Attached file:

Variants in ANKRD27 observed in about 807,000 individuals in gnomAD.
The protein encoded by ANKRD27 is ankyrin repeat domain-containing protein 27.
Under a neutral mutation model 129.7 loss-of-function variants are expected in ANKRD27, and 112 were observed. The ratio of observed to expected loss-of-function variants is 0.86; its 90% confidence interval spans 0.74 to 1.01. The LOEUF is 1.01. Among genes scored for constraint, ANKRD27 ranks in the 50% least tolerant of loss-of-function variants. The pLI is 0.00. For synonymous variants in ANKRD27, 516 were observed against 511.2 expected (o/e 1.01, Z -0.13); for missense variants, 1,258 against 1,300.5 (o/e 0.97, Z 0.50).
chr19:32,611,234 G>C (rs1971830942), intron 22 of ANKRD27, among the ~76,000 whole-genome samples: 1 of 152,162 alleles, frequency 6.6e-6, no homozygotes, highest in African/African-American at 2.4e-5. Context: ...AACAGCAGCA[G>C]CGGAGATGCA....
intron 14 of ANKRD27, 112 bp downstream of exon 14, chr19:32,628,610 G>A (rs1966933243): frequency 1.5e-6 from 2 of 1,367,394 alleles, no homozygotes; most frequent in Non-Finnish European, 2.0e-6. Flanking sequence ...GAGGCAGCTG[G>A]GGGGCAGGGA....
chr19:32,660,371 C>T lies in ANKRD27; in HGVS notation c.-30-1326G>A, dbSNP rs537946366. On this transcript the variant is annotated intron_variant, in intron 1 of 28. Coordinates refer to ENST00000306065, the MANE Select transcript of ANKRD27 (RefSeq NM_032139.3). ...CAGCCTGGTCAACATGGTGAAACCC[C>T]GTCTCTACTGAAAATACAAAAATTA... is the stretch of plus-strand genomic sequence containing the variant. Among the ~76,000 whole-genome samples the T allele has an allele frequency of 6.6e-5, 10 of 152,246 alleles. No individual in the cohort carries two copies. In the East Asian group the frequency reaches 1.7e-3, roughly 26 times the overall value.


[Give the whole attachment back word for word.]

Variants in ANKRD27 observed in about 807,000 individuals in gnomAD.
The protein encoded by ANKRD27 is ankyrin repeat domain-containing protein 27.
Under a neutral mutation model 129.7 loss-of-function variants are expected in ANKRD27, and 112 were observed. The ratio of observed to expected loss-of-function variants is 0.86; its 90% confidence interval spans 0.74 to 1.01. The LOEUF is 1.01. Among genes scored for constraint, ANKRD27 ranks in the 50% least tolerant of loss-of-function variants. The pLI is 0.00. For synonymous variants in ANKRD27, 516 were observed against 511.2 expected (o/e 1.01, Z -0.13); for missense variants, 1,258 against 1,300.5 (o/e 0.97, Z 0.50).
chr19:32,611,234 G>C (rs1971830942), intron 22 of ANKRD27, among the ~76,000 whole-genome samples: 1 of 152,162 alleles, frequency 6.6e-6, no homozygotes, highest in African/African-American at 2.4e-5. Context: ...AACAGCAGCA[G>C]CGGAGATGCA....
intron 14 of ANKRD27, 112 bp downstream of exon 14, chr19:32,628,610 G>A (rs1966933243): frequency 1.5e-6 from 2 of 1,367,394 alleles, no homozygotes; most frequent in Non-Finnish European, 2.0e-6. Flanking sequence ...GAGGCAGCTG[G>A]GGGGCAGGGA....
chr19:32,660,371 C>T lies in ANKRD27; in HGVS notation c.-30-1326G>A, dbSNP rs537946366. On this transcript the variant is annotated intron_variant, in intron 1 of 28. Coordinates refer to ENST00000306065, the MANE Select transcript of ANKRD27 (RefSeq NM_032139.3). ...CAGCCTGGTCAACATGGTGAAACCC[C>T]GTCTCTACTGAAAATACAAAAATTA... is the stretch of plus-strand genomic sequence containing the variant. Among the ~76,000 whole-genome samples the T allele has an allele frequency of 6.6e-5, 10 of 152,246 alleles. No individual in the cohort carries two copies. In the East Asian group the frequency reaches 1.7e-3, roughly 26 times the overall value.